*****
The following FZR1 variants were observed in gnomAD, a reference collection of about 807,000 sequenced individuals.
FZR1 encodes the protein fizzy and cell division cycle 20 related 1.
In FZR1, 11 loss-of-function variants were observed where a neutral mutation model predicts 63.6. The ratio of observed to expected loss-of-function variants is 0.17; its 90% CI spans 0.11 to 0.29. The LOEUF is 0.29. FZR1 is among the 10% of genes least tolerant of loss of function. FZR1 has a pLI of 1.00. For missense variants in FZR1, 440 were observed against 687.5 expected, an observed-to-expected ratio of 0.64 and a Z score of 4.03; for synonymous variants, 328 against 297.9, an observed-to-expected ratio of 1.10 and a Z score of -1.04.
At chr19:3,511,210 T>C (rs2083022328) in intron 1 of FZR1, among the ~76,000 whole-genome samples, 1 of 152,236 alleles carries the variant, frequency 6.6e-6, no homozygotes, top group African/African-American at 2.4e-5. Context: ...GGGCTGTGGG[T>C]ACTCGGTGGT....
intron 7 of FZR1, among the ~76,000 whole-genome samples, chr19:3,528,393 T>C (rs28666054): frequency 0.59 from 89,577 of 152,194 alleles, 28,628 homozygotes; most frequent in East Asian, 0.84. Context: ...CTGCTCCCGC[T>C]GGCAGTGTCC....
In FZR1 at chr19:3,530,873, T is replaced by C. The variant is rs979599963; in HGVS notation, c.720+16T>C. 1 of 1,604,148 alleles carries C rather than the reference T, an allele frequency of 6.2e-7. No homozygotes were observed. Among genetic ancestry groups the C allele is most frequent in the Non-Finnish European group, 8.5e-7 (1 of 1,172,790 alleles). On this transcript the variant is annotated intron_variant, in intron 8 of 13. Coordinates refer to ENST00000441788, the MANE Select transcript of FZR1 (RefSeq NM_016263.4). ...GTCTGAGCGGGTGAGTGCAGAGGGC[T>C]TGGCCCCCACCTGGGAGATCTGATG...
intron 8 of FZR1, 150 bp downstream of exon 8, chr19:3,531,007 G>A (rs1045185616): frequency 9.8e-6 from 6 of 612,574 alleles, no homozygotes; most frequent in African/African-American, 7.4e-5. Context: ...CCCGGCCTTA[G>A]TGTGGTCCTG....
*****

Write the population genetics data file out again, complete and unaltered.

The following FZR1 variants were observed in gnomAD, a reference collection of about 807,000 sequenced individuals.
FZR1 encodes the protein fizzy and cell division cycle 20 related 1.
In FZR1, 11 loss-of-function variants were observed where a neutral mutation model predicts 63.6. The ratio of observed to expected loss-of-function variants is 0.17; its 90% CI spans 0.11 to 0.29. The LOEUF is 0.29. FZR1 is among the 10% of genes least tolerant of loss of function. FZR1 has a pLI of 1.00. For missense variants in FZR1, 440 were observed against 687.5 expected, an observed-to-expected ratio of 0.64 and a Z score of 4.03; for synonymous variants, 328 against 297.9, an observed-to-expected ratio of 1.10 and a Z score of -1.04.
At chr19:3,511,210 T>C (rs2083022328) in intron 1 of FZR1, among the ~76,000 whole-genome samples, 1 of 152,236 alleles carries the variant, frequency 6.6e-6, no homozygotes, top group African/African-American at 2.4e-5. Context: ...GGGCTGTGGG[T>C]ACTCGGTGGT....
intron 7 of FZR1, among the ~76,000 whole-genome samples, chr19:3,528,393 T>C (rs28666054): frequency 0.59 from 89,577 of 152,194 alleles, 28,628 homozygotes; most frequent in East Asian, 0.84. Context: ...CTGCTCCCGC[T>C]GGCAGTGTCC....
In FZR1 at chr19:3,530,873, T is replaced by C. The variant is rs979599963; in HGVS notation, c.720+16T>C. 1 of 1,604,148 alleles carries C rather than the reference T, an allele frequency of 6.2e-7. No homozygotes were observed. Among genetic ancestry groups the C allele is most frequent in the Non-Finnish European group, 8.5e-7 (1 of 1,172,790 alleles). On this transcript the variant is annotated intron_variant, in intron 8 of 13. Coordinates refer to ENST00000441788, the MANE Select transcript of FZR1 (RefSeq NM_016263.4). ...GTCTGAGCGGGTGAGTGCAGAGGGC[T>C]TGGCCCCCACCTGGGAGATCTGATG...
intron 8 of FZR1, 150 bp downstream of exon 8, chr19:3,531,007 G>A (rs1045185616): frequency 9.8e-6 from 6 of 612,574 alleles, no homozygotes; most frequent in African/African-American, 7.4e-5. Context: ...CCCGGCCTTA[G>A]TGTGGTCCTG....